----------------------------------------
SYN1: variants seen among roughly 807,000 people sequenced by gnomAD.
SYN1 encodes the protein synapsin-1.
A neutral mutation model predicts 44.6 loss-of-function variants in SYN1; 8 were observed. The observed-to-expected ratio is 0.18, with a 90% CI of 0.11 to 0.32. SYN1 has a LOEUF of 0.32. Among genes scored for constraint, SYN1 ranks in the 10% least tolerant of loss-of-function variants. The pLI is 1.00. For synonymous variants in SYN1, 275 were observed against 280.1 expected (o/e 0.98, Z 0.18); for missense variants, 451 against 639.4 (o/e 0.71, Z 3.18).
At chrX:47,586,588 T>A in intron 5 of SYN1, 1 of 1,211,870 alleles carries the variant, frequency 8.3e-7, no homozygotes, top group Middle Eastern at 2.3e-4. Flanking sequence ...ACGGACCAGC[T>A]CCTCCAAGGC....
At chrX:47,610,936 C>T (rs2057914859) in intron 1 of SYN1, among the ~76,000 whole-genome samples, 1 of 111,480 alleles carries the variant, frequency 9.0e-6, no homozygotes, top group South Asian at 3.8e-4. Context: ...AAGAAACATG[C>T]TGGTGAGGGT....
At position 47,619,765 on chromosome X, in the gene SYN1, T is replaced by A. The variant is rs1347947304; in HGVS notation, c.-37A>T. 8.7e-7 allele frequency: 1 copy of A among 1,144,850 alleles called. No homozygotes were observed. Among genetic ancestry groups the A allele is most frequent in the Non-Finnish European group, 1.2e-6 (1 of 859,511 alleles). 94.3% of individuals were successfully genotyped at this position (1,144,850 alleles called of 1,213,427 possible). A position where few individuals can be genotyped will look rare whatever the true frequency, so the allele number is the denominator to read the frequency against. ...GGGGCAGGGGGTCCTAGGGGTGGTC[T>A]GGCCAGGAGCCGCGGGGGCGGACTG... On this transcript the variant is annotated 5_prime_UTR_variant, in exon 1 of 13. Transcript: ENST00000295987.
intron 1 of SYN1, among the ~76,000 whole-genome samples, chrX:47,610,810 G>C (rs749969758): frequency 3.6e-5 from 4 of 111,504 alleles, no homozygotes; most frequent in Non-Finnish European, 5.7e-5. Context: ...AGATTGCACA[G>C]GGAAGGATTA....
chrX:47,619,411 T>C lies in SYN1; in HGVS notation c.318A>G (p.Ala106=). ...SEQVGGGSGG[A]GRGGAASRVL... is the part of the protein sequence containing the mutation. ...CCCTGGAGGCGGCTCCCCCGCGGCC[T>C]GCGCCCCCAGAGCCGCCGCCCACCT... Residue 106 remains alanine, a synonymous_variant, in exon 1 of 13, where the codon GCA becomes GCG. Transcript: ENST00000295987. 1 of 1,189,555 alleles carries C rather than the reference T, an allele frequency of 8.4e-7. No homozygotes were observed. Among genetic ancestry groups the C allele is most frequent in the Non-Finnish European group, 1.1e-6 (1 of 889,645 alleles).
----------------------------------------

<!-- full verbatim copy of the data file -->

SYN1: variants seen among roughly 807,000 people sequenced by gnomAD.
SYN1 encodes the protein synapsin-1.
A neutral mutation model predicts 44.6 loss-of-function variants in SYN1; 8 were observed. The observed-to-expected ratio is 0.18, with a 90% CI of 0.11 to 0.32. SYN1 has a LOEUF of 0.32. Among genes scored for constraint, SYN1 ranks in the 10% least tolerant of loss-of-function variants. The pLI is 1.00. For synonymous variants in SYN1, 275 were observed against 280.1 expected (o/e 0.98, Z 0.18); for missense variants, 451 against 639.4 (o/e 0.71, Z 3.18).
At chrX:47,586,588 T>A in intron 5 of SYN1, 1 of 1,211,870 alleles carries the variant, frequency 8.3e-7, no homozygotes, top group Middle Eastern at 2.3e-4. Flanking sequence ...ACGGACCAGC[T>A]CCTCCAAGGC....
At chrX:47,610,936 C>T (rs2057914859) in intron 1 of SYN1, among the ~76,000 whole-genome samples, 1 of 111,480 alleles carries the variant, frequency 9.0e-6, no homozygotes, top group South Asian at 3.8e-4. Context: ...AAGAAACATG[C>T]TGGTGAGGGT....
At position 47,619,765 on chromosome X, in the gene SYN1, T is replaced by A. The variant is rs1347947304; in HGVS notation, c.-37A>T. 8.7e-7 allele frequency: 1 copy of A among 1,144,850 alleles called. No homozygotes were observed. Among genetic ancestry groups the A allele is most frequent in the Non-Finnish European group, 1.2e-6 (1 of 859,511 alleles). 94.3% of individuals were successfully genotyped at this position (1,144,850 alleles called of 1,213,427 possible). A position where few individuals can be genotyped will look rare whatever the true frequency, so the allele number is the denominator to read the frequency against. ...GGGGCAGGGGGTCCTAGGGGTGGTC[T>A]GGCCAGGAGCCGCGGGGGCGGACTG... On this transcript the variant is annotated 5_prime_UTR_variant, in exon 1 of 13. Transcript: ENST00000295987.
intron 1 of SYN1, among the ~76,000 whole-genome samples, chrX:47,610,810 G>C (rs749969758): frequency 3.6e-5 from 4 of 111,504 alleles, no homozygotes; most frequent in Non-Finnish European, 5.7e-5. Context: ...AGATTGCACA[G>C]GGAAGGATTA....
chrX:47,619,411 T>C lies in SYN1; in HGVS notation c.318A>G (p.Ala106=). ...SEQVGGGSGG[A]GRGGAASRVL... is the part of the protein sequence containing the mutation. ...CCCTGGAGGCGGCTCCCCCGCGGCC[T>C]GCGCCCCCAGAGCCGCCGCCCACCT... Residue 106 remains alanine, a synonymous_variant, in exon 1 of 13, where the codon GCA becomes GCG. Transcript: ENST00000295987. 1 of 1,189,555 alleles carries C rather than the reference T, an allele frequency of 8.4e-7. No homozygotes were observed. Among genetic ancestry groups the C allele is most frequent in the Non-Finnish European group, 1.1e-6 (1 of 889,645 alleles).